Diversity and Inclusion Training: Promote diversity, equity, and inclusion in the workplace by providing training on unconscious bias, cultural sensitivity and fostering an inclusive environment. Specific examples here include professional development in inclusive recruitment and hiring practices or company policies on preventing workplace harassment and discrimination.

Change Management Training: Assist employees in adapting to organisational changes, such as new processes, technologies, or restructuring. This type of eLearning provides managers and employees with the knowledge, skills, and strategies to embrace and thrive in times of change.

Professional Development Training: Offer training programs to enhance professional skills, career growth, and personal development. Whether it’s skills development, training for potential leaders or strategies for a better work-life balance, the aim here is to promote career growth and personal development.

Health and Safety Training: Provide training on workplace safety, emergency procedures, and health and safety regulations compliance. Possibilities under this category include basic first aid, education on PPE, or management of workplace hazards like chemical spills.  

Software or System Training: Train employees on specific software applications, tools, or systems used within the business. Pre-recorded explainer videos, animations or group-based learning can be used to communicate the message.

Remote Work and Virtual Collaboration Training: Equip workers with the skills required to work effectively in remote, hybrid or virtual team settings, including communication and collaboration tools. Training may focus on how to get the best out of company productivity tools like Asana or practical tips on managing productivity or maintaining a work-life balance.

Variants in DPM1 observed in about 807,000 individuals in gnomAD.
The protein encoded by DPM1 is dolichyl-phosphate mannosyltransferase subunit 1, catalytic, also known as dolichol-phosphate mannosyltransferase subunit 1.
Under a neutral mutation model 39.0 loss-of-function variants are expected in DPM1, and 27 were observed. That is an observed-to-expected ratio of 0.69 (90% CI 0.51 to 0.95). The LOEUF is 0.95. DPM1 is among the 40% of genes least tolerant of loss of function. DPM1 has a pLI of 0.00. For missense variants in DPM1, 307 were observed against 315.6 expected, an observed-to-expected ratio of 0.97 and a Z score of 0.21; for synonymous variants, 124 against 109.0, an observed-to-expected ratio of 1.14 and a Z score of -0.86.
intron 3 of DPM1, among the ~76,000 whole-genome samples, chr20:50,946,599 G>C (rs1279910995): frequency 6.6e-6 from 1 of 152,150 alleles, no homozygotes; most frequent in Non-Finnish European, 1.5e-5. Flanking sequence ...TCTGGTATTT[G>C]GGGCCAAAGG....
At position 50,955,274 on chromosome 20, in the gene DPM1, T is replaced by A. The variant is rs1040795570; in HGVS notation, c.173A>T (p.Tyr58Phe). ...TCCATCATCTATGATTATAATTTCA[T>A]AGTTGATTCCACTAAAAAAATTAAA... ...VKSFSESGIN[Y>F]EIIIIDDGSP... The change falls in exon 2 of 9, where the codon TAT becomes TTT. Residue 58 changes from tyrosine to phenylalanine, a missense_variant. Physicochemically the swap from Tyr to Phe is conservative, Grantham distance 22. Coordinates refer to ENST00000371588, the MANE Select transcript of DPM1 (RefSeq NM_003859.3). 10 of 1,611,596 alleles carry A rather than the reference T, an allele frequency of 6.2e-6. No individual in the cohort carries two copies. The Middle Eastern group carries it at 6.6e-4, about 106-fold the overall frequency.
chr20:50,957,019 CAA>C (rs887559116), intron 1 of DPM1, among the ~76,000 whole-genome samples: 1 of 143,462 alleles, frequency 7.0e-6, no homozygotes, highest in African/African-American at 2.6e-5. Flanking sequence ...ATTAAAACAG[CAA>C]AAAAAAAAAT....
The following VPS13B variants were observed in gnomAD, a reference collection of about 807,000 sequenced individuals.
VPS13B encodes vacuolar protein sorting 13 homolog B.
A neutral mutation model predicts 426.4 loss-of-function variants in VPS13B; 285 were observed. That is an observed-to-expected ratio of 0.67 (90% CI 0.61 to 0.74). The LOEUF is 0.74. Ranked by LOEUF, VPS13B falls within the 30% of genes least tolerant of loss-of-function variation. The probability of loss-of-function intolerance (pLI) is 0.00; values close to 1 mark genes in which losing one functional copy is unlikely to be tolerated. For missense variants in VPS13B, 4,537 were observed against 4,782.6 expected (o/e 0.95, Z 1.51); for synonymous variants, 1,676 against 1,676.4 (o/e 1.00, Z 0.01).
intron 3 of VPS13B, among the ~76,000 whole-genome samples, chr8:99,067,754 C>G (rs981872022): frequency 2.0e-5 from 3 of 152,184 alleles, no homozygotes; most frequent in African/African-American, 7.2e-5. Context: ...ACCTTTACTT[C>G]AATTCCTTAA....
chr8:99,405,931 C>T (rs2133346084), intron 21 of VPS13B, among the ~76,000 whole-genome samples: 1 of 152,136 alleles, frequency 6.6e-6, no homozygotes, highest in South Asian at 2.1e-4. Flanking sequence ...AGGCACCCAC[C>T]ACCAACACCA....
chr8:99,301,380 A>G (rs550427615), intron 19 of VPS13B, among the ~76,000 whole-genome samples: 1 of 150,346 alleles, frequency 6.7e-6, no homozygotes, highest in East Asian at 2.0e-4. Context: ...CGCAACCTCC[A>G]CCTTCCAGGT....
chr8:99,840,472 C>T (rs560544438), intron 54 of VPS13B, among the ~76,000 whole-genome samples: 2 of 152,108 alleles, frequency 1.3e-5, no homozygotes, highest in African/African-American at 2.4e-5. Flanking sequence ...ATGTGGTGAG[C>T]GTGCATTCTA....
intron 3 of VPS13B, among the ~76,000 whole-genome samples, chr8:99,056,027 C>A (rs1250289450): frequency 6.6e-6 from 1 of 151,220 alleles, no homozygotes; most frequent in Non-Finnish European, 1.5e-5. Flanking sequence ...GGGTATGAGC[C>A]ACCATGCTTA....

Ethics and Corporate Social Responsibility Training: Educate employees on ethical practices, corporate values, and social responsibility initiatives. This category covers a broad range of possible training, including how to develop a responsible supply chain or case studies, simulations, and interactive scenarios to explore ethical decision-making.

Quality Assurance and Process Training: Train the workforce on quality standards, process improvement methodologies, and quality control measures. Likely delivery mechanisms include interactive quizzes, games and infographics.

Financial Literacy Training: Enhance employees’ understanding of financial concepts, budgeting, and financial decision-making. Quizzes, simulations, interactive charts, and calculators are likely tools to deliver financial literacy training.

Language and Communication Skills Training: Offer language training or communication skills development for employees working in multilingual or global settings. You may choose to use interactive exercises, quizzes, and audio or video resources to enhance learning and engagement.

Professional Certification and Skill Enhancement Training: Provide training programmes to help employees acquire industry-specific certifications or enhance their professional skills to advance their careers. It could be a one-day conference or a short industry-specific course. Some employers also offer support for longer study periods, leading to certificates, diplomas or degrees. Help may be in the form of assistance towards tuition fees, or it may be time off work.    

What are the pros and cons of e-Learning?

Digital learning has much to offer businesses and employees.

According to research by SurveyMonkey, 86% of workers said that professional development is vital to them. And 74% were willing to learn things outside of work hours to improve their job performance. Workers value the flexibility of self-paced, on-the-go learning that fits in with their schedules and personal commitments.

And the benefits of digital learning don’t just stop at employees. Here’s a run through the headline impacts for organisations.

Pros of eLearning for business

Budget savings: Traditional classroom-based learning is expensive. Venue hire, instructors’ costs and the printing and distribution of training materials soon add up. Furthermore, there’s the expense and productivity dip involved in taking employees out of the workplace.

By contrast, eLearning is very cost-effective compared to face-to-face instruction. Although the initial investment in software and systems may seem significant, the ROI quickly becomes apparent. Digital learning is more scalable, meaning you can train more participants in less time.